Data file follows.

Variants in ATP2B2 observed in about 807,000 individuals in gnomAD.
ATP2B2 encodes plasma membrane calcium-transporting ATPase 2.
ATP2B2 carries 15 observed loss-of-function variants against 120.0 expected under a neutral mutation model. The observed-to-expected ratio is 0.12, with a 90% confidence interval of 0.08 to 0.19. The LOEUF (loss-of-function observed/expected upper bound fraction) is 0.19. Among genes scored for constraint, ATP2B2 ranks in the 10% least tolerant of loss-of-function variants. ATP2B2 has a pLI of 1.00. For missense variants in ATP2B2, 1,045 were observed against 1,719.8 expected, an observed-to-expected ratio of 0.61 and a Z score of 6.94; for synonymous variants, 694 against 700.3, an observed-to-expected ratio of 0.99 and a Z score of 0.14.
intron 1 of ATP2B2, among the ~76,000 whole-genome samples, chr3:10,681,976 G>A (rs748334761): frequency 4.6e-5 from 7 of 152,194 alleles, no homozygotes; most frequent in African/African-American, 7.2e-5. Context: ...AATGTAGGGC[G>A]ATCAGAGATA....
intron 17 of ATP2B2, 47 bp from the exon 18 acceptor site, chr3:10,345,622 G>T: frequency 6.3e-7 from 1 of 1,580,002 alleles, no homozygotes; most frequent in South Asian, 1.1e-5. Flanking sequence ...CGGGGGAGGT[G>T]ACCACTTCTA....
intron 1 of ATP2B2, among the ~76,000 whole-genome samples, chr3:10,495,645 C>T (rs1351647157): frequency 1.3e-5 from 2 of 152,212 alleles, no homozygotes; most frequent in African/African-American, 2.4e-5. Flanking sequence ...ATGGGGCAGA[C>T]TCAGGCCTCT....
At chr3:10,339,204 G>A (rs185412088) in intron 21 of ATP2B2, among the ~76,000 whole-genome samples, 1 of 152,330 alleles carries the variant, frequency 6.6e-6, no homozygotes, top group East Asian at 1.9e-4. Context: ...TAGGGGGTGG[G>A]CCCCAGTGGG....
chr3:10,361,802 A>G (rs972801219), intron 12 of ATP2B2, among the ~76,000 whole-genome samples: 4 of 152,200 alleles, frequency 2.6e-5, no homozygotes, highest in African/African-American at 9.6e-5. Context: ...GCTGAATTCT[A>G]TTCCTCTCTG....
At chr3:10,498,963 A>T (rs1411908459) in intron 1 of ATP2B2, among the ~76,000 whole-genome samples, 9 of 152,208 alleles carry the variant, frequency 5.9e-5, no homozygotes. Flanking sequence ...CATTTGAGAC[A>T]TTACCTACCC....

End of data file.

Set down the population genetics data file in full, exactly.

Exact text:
Variants in ATP2B2 observed in about 807,000 individuals in gnomAD.
ATP2B2 encodes plasma membrane calcium-transporting ATPase 2.
ATP2B2 carries 15 observed loss-of-function variants against 120.0 expected under a neutral mutation model. The observed-to-expected ratio is 0.12, with a 90% confidence interval of 0.08 to 0.19. The LOEUF (loss-of-function observed/expected upper bound fraction) is 0.19. Among genes scored for constraint, ATP2B2 ranks in the 10% least tolerant of loss-of-function variants. ATP2B2 has a pLI of 1.00. For missense variants in ATP2B2, 1,045 were observed against 1,719.8 expected, an observed-to-expected ratio of 0.61 and a Z score of 6.94; for synonymous variants, 694 against 700.3, an observed-to-expected ratio of 0.99 and a Z score of 0.14.
intron 1 of ATP2B2, among the ~76,000 whole-genome samples, chr3:10,681,976 G>A (rs748334761): frequency 4.6e-5 from 7 of 152,194 alleles, no homozygotes; most frequent in African/African-American, 7.2e-5. Context: ...AATGTAGGGC[G>A]ATCAGAGATA....
intron 17 of ATP2B2, 47 bp from the exon 18 acceptor site, chr3:10,345,622 G>T: frequency 6.3e-7 from 1 of 1,580,002 alleles, no homozygotes; most frequent in South Asian, 1.1e-5. Flanking sequence ...CGGGGGAGGT[G>T]ACCACTTCTA....
intron 1 of ATP2B2, among the ~76,000 whole-genome samples, chr3:10,495,645 C>T (rs1351647157): frequency 1.3e-5 from 2 of 152,212 alleles, no homozygotes; most frequent in African/African-American, 2.4e-5. Flanking sequence ...ATGGGGCAGA[C>T]TCAGGCCTCT....
At chr3:10,339,204 G>A (rs185412088) in intron 21 of ATP2B2, among the ~76,000 whole-genome samples, 1 of 152,330 alleles carries the variant, frequency 6.6e-6, no homozygotes, top group East Asian at 1.9e-4. Context: ...TAGGGGGTGG[G>A]CCCCAGTGGG....
chr3:10,361,802 A>G (rs972801219), intron 12 of ATP2B2, among the ~76,000 whole-genome samples: 4 of 152,200 alleles, frequency 2.6e-5, no homozygotes, highest in African/African-American at 9.6e-5. Context: ...GCTGAATTCT[A>G]TTCCTCTCTG....
At chr3:10,498,963 A>T (rs1411908459) in intron 1 of ATP2B2, among the ~76,000 whole-genome samples, 9 of 152,208 alleles carry the variant, frequency 5.9e-5, no homozygotes. Flanking sequence ...CATTTGAGAC[A>T]TTACCTACCC....